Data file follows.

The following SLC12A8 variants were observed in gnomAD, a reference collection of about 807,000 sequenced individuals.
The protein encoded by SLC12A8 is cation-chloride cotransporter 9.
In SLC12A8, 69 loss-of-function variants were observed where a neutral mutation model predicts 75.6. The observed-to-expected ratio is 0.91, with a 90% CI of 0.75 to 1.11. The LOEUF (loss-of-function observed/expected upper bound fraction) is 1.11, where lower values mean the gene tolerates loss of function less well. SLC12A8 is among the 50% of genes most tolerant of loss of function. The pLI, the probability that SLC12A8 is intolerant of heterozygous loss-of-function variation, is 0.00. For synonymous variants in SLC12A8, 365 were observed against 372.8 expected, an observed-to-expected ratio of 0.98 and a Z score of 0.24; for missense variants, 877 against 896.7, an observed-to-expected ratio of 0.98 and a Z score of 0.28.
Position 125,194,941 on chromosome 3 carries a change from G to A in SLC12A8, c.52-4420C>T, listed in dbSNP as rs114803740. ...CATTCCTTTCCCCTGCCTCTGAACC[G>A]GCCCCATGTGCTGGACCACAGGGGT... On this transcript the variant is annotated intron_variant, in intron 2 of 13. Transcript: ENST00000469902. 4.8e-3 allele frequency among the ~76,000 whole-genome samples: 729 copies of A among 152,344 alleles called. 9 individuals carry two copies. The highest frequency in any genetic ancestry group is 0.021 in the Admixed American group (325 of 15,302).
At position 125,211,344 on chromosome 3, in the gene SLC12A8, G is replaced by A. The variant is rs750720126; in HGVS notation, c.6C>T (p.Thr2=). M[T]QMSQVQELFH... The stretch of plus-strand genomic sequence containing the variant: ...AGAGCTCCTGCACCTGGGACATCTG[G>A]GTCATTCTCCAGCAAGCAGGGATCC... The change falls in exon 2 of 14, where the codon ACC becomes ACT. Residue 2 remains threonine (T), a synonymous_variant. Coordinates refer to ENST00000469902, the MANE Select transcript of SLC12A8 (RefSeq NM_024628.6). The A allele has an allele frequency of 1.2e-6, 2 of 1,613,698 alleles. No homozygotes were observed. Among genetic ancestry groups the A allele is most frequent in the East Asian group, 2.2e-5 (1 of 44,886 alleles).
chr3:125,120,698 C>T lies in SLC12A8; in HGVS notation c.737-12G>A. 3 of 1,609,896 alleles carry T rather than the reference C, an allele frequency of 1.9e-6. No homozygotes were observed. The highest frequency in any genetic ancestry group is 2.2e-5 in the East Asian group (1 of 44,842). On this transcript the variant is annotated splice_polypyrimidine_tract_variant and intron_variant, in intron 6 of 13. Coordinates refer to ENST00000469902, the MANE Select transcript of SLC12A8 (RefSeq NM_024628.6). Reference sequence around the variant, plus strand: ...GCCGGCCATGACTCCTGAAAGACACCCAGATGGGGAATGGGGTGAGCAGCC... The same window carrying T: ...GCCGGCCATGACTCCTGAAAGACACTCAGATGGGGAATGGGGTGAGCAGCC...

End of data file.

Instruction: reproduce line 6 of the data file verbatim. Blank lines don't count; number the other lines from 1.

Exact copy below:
chr3:125,120,698 C>T lies in SLC12A8; in HGVS notation c.737-12G>A. 3 of 1,609,896 alleles carry T rather than the reference C, an allele frequency of 1.9e-6. No homozygotes were observed. The highest frequency in any genetic ancestry group is 2.2e-5 in the East Asian group (1 of 44,842). On this transcript the variant is annotated splice_polypyrimidine_tract_variant and intron_variant, in intron 6 of 13. Coordinates refer to ENST00000469902, the MANE Select transcript of SLC12A8 (RefSeq NM_024628.6). Reference sequence around the variant, plus strand: ...GCCGGCCATGACTCCTGAAAGACACCCAGATGGGGAATGGGGTGAGCAGCC... The same window carrying T: ...GCCGGCCATGACTCCTGAAAGACACTCAGATGGGGAATGGGGTGAGCAGCC...